I walked home knowing I was in for it. It was 4:47 AM.
“Hey buddy!” my dad called as I came into the kitchen. “How was the night?”
“Oh, you know…” I stalled.
A look of concern flashed across my father’s face. He licked his lips and leaned in closely.
“You okay? Is your grandmother-”
But it was too late.
“Jeff-REY!” The cry came from upstairs.
I’m convinced that my grandmother picked my name by screaming all of the candidates at the top of her lungs, and seeing which seemed most natural. Try it- scream “Jeffrey.” You can really slam that second syllable.
My grandmother coughed her way down the stairs, clutching the railing with white, gnarled knuckles. Her joints challenged the old wooden steps to a contest in pops, squeaks and creaks.
Arriving at the bottom of the stairs, she stopped just short of barreling into me. She squinted around the dim room.
“Jeffrey? Where are you? Jeffrey?”
My father looked pained.
“Mother, where are your glasses?”
She whirled around, almost knocking over half a dozen dirty dishes off of the counter.
“I don’t need my glasses! Now where the hell is your son!”
“I’m right here, Mamaw.” I gave a little wave, and stepped towards her.
“Well, Jeffrey! What do you have for me!”
“I don’t have much, Mamaw. I still haven’t gotten the hang of this damn lockpick, I don’t understand why I can’t just use-“
“Jeff-REY! Have you forgotten your grandfather already!”
“No Mamaw, I haven’t.”
“Then you will honor his memory and you will use his lockpick! Now what do you have for me!”
I pulled off my backpack and began going through the night’s spoils. Mostly it consisted of crap I’d gotten out of the projects whose locks had already been broken. Left-overs.
“I got a really nice broken computer monitor that could fetch something, and a hand mixer, and a lot of silverware.”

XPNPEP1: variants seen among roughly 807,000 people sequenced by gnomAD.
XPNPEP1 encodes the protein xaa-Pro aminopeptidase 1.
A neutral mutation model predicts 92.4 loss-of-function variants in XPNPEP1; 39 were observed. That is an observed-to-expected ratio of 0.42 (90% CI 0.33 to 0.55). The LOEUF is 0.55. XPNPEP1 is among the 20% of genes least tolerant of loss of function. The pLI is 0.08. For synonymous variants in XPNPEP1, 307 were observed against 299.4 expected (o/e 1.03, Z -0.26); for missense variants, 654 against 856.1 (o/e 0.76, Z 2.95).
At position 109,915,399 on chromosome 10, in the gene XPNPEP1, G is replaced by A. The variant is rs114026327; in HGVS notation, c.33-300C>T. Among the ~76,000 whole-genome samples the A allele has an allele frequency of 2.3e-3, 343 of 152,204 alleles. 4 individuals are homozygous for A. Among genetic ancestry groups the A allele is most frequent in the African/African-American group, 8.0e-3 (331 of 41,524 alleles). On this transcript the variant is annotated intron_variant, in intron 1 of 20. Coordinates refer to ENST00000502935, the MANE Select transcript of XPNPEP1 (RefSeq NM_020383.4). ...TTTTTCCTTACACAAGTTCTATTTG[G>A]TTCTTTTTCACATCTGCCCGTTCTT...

My grandmother pursed her lips.
“How old was your grandfather when he began picking pockets!” she cried. She always screamed the last syllable of her sentences, so it came out as “poc-KETS!”
“Eleven.” I muttered.
“And how old before he orchestrated his first home invasion!” “SHUN” echoed around the tiny kitchen.
“And how old,” she began, her voice lowering to an angry whisper, “are YOU!” she exploded.
“Seventeen,” I said, face down, resisting the urge to add “ma’am.”
“Duncan! Go get the crampons!” As my father scuttled off, my grandmother stared at me. “Now you’ll be able to see what your poor grandfather had to go through!”
When people say that the Shepherdsly’s live in a fortress, they are speaking literally. Winfield Scott’s armies used it as a base in the War of 1812, and while it no longer has a moat, it used to. Fortunately for me, and my grandfather, they also no longer have cannon aimed at the lake on the edge of the property.
My grandmother loves to regale both my dad and me of the night that my grandfather, Winston, skated across the frozen lake in the middle of January, climbed through the dense thicket of trees at the edge of the Shepherdsly estate, dropped in through the skylights in the east wing and made off with all the jewelry and china he could stuff in his pockets. She’s curiously silent on how he got up to the skylights, which are six stories off the ground.
And so I set off to recreate my grandfather’s daring quest, in early March, with the rising sun beginning to kiss the edge of the horizon. Near the shore I feel sturdy, but as I walk out towards the center of the lake I begin to hear tiny groans coming from the ice beneath my feet, and when I look down, I swear I can see fish through the translucent sheet.
My next step causes an audible crack, and I decide to get down on hands and knees to more evenly distribute my weight. I crawl along, trying to keep three limbs on the ice at all times. The sun is rising quickly now, and I’m beginning to see beads of water appear on the surface of the lake.
My grandfather was a better man than I. I slowly turn, careful to keep my weight balanced, and head back towards the shore from which I departed, but no matter how slowly I move the sickly sounds of aching ice keep coming. I freeze, listening hard, terrified of budging an inch.
I stay still for a long time.